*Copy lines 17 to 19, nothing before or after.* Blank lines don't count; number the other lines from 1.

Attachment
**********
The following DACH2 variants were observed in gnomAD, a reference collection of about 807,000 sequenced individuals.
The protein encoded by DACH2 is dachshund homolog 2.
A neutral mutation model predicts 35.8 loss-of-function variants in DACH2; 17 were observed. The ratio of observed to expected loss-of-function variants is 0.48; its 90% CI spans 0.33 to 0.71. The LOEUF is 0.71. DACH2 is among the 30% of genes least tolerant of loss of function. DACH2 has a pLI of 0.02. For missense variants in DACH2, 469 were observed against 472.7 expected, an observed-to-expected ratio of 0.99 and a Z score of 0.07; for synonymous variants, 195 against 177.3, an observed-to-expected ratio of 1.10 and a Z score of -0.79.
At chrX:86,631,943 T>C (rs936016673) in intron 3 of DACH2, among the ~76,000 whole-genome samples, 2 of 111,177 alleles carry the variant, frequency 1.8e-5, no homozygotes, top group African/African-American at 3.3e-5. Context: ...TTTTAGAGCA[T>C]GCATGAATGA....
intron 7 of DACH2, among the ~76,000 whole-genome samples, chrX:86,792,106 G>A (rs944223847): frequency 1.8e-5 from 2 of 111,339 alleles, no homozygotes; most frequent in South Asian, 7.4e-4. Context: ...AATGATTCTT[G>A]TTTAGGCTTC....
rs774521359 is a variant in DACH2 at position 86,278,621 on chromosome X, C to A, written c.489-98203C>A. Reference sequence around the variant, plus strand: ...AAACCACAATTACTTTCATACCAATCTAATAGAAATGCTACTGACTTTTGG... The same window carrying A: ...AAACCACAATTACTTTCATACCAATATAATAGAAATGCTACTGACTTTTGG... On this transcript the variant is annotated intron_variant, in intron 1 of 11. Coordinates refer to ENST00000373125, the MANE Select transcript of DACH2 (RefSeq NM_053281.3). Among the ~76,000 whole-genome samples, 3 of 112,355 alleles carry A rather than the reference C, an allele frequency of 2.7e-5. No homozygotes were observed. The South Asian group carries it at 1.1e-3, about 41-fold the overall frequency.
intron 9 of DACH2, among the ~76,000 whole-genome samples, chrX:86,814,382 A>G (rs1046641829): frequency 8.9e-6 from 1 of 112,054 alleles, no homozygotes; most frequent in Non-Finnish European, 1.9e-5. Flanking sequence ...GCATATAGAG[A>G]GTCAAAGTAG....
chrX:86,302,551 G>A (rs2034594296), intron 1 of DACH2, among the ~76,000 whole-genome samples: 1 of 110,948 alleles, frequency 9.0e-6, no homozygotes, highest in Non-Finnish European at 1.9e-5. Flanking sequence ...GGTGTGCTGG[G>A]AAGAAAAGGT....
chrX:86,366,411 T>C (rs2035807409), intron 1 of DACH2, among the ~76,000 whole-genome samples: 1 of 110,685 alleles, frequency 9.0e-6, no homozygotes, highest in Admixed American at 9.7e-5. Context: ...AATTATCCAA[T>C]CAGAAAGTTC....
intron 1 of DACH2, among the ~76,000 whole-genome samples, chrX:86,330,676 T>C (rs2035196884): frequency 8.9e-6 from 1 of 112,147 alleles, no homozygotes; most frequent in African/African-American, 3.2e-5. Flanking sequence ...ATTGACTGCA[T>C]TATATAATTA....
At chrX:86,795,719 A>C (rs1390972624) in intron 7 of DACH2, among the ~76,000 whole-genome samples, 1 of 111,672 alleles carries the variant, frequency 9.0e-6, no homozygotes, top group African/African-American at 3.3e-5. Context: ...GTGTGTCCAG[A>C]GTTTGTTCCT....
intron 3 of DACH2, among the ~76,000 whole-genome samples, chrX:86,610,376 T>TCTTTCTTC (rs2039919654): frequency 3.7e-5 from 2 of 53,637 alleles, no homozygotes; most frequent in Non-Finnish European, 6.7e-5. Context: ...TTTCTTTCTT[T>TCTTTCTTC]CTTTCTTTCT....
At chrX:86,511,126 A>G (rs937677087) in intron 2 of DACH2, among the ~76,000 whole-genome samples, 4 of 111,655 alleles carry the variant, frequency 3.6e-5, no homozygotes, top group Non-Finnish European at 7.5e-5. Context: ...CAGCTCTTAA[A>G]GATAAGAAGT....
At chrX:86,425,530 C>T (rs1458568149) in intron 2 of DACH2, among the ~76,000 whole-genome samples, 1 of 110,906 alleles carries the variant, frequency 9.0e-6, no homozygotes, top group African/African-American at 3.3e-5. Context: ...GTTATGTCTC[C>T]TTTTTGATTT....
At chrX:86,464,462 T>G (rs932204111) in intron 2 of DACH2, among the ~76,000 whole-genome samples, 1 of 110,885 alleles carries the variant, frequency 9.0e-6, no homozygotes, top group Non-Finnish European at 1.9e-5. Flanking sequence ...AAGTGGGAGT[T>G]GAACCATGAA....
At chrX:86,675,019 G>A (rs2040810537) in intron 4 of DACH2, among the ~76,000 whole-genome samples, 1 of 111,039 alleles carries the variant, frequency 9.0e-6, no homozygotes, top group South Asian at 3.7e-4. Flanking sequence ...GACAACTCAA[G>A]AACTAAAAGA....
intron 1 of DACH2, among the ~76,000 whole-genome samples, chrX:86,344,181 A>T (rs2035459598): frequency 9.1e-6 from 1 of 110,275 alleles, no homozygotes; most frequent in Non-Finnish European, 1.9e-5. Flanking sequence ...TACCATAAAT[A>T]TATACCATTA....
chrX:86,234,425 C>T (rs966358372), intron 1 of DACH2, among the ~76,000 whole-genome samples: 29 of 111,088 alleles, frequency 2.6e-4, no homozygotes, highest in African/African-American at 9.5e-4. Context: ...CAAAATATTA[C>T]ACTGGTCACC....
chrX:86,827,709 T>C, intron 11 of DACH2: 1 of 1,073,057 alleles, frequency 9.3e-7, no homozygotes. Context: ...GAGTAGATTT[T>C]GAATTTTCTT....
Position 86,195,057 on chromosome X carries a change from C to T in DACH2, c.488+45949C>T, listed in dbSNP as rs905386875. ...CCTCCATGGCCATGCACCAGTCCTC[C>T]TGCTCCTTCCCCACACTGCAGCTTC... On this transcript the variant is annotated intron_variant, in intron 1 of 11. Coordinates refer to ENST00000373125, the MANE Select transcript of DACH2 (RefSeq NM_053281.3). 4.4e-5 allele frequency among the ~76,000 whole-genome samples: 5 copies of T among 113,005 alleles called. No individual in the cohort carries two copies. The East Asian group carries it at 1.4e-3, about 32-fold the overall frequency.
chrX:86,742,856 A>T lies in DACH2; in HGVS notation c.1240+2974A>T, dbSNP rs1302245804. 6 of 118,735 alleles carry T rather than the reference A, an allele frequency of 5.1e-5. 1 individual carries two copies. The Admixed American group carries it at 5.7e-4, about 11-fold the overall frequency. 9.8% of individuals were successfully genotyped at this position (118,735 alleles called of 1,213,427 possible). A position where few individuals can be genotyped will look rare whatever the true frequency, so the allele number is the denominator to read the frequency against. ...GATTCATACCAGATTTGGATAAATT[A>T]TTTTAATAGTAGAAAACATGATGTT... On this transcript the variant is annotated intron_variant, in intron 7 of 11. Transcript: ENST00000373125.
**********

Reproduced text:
intron 1 of DACH2, among the ~76,000 whole-genome samples, chrX:86,344,181 A>T (rs2035459598): frequency 9.1e-6 from 1 of 110,275 alleles, no homozygotes; most frequent in Non-Finnish European, 1.9e-5. Flanking sequence ...TACCATAAAT[A>T]TATACCATTA....
chrX:86,234,425 C>T (rs966358372), intron 1 of DACH2, among the ~76,000 whole-genome samples: 29 of 111,088 alleles, frequency 2.6e-4, no homozygotes, highest in African/African-American at 9.5e-4. Context: ...CAAAATATTA[C>T]ACTGGTCACC....
chrX:86,827,709 T>C, intron 11 of DACH2: 1 of 1,073,057 alleles, frequency 9.3e-7, no homozygotes. Context: ...GAGTAGATTT[T>C]GAATTTTCTT....